Australian red dairy cattle breeders can now use the genomic information from DNA samples of their animals to make herd improvement decisions.
For the first time, DataGene has released Australian Breeding Values that include genomics and are applicable for red-breed dairy animals and their crosses.
Aussie Reds, Ayrshires, Illawarras and Dairy Shorthorns have joined Holsteins and Jerseys with genomic ABVs, with enough data collected for scientists to generate genomic breeding values for four key traits.
Red-breed genomic ABVs are available for milk, fat, protein and cell count.
These breeding values will be released three times a year in April, August and December.
DataGene stakeholder relations specialist Peter Thurn said farmers could use genomics to help make breeding and culling decisions.
“The addition of genomics to the red-breed ABVs will give farmers more confidence to be able to identify their better young stock with a greater degree of reliability,” Mr Thurn said.
“Genomics will help with the decisions around heifer retention, sales and whether or not they should be joined to a beef bull.
“Farmers can start to tailor breeding decisions around the genetic merit of their young stock.”
Mr Thurn said the introduction of genomic ABVs would also enable artificial breeding centres to purchase red bulls with greater confidence, while these bulls could be used at a younger age on-farm with more reassurance about the genetic merit of their progeny.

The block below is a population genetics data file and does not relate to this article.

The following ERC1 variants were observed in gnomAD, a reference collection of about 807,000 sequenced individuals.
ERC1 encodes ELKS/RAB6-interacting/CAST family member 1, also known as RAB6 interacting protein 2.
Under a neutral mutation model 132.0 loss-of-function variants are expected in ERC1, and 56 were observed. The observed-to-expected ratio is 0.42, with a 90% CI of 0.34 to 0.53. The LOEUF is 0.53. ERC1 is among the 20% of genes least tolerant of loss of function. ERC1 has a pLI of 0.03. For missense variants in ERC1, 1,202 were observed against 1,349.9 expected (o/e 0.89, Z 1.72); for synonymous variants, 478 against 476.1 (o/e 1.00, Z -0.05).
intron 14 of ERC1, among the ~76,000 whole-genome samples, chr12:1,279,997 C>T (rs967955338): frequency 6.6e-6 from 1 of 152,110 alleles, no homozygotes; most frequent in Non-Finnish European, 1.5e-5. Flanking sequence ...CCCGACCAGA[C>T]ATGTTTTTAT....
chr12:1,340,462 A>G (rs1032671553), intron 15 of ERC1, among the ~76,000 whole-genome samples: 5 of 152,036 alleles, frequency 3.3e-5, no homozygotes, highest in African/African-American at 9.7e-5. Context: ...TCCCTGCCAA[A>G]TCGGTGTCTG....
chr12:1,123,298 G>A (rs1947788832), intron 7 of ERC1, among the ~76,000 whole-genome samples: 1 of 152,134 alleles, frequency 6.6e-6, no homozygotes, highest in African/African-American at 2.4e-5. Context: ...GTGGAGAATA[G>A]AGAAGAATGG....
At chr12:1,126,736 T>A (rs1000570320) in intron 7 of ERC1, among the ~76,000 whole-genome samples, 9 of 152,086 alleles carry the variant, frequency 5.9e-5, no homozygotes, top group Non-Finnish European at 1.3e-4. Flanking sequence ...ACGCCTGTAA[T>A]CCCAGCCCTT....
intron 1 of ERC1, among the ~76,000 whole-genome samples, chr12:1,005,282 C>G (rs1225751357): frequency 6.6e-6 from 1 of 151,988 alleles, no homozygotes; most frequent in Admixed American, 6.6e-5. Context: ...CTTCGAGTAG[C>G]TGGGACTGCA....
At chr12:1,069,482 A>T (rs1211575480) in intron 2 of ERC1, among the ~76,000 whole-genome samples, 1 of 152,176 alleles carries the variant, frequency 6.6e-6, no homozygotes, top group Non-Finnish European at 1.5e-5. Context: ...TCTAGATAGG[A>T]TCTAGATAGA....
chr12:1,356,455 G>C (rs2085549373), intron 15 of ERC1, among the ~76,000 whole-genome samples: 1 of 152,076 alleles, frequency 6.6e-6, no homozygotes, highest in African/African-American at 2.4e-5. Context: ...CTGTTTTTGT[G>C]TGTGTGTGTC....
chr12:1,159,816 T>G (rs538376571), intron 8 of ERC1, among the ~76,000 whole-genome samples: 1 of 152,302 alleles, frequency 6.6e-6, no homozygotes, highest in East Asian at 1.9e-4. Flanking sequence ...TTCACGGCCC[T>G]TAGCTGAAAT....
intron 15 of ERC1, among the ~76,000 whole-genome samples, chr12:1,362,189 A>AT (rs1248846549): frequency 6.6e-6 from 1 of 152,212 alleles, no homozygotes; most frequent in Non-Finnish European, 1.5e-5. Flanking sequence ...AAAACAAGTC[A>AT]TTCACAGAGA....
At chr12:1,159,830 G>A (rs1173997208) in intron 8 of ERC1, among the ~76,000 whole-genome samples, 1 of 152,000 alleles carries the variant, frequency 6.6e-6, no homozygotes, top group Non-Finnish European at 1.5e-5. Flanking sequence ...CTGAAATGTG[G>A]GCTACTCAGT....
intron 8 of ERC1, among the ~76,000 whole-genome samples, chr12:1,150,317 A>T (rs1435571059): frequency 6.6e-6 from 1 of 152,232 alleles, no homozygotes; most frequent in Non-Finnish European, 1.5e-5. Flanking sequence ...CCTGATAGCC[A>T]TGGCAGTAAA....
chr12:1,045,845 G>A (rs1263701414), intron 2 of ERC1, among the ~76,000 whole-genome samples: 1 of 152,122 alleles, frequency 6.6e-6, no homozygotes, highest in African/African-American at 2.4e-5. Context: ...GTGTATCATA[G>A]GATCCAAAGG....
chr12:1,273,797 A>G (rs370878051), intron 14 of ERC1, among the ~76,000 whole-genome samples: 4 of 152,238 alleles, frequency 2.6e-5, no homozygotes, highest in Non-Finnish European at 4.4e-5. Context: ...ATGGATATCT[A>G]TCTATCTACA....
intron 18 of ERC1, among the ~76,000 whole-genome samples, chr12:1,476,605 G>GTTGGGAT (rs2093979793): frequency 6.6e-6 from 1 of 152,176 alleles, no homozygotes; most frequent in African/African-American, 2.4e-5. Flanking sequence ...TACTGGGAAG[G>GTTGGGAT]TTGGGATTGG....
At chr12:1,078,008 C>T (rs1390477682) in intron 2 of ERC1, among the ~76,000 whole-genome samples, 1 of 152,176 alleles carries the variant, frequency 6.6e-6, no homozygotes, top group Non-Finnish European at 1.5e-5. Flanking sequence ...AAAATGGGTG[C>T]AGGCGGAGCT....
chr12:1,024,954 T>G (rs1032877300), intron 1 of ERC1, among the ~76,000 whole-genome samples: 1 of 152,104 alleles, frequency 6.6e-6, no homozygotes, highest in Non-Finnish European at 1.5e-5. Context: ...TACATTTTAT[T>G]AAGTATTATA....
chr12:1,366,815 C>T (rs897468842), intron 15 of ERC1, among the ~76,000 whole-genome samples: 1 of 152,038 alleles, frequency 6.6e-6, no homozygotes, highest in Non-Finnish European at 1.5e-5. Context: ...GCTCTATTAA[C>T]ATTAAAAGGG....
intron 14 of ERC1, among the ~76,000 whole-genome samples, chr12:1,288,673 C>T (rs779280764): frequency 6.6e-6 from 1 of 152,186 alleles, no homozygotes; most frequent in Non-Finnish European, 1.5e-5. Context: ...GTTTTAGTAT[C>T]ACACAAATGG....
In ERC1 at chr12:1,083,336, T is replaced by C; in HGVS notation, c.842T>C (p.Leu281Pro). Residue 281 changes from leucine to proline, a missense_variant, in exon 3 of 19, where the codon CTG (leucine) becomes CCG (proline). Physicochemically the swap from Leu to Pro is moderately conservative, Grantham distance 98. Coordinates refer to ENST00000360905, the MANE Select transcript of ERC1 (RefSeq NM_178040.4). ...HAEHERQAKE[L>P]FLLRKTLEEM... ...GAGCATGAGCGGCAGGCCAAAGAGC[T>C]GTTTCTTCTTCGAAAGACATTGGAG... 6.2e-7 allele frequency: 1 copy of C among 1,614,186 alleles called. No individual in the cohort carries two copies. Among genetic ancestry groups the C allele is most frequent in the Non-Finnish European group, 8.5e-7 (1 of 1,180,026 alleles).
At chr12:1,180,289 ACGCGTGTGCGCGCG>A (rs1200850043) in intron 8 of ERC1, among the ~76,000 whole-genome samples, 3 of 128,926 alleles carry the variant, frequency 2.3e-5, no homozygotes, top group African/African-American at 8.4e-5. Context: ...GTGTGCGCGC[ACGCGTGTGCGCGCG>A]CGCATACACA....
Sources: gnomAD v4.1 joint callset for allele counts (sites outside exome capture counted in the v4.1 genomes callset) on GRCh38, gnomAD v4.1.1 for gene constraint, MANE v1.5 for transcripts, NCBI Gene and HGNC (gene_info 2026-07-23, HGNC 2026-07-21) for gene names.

DataGene has used genomics for the genetic evaluation of Jerseys and Holsteins for the past 10 years.
These breeds have more genomic ABV traits than what is available for the red-breed group, because Holsteins and Jerseys have a larger population and more data to draw from.
DataGene will continue to work with red-breed farmers to collect data to build the reliability and offering of genomic ABVs.
It will also collaborate with other countries and bull companies to bolster Australia’s reference population for red breeds by adding their genotypes.
Cohuna Aussie Red breeder Greg Goulding said the addition of genomic ABVs would improve his herd and help to objectively prove the value of the breed.
“Genomics will definitely give our herd a big boost, we’ll be able to genomically test heifers, off-load that bottom-end group and use the top-end to breed replacements for quicker genetic gain,” Mr Goulding said.
Source: The Corowa Free Press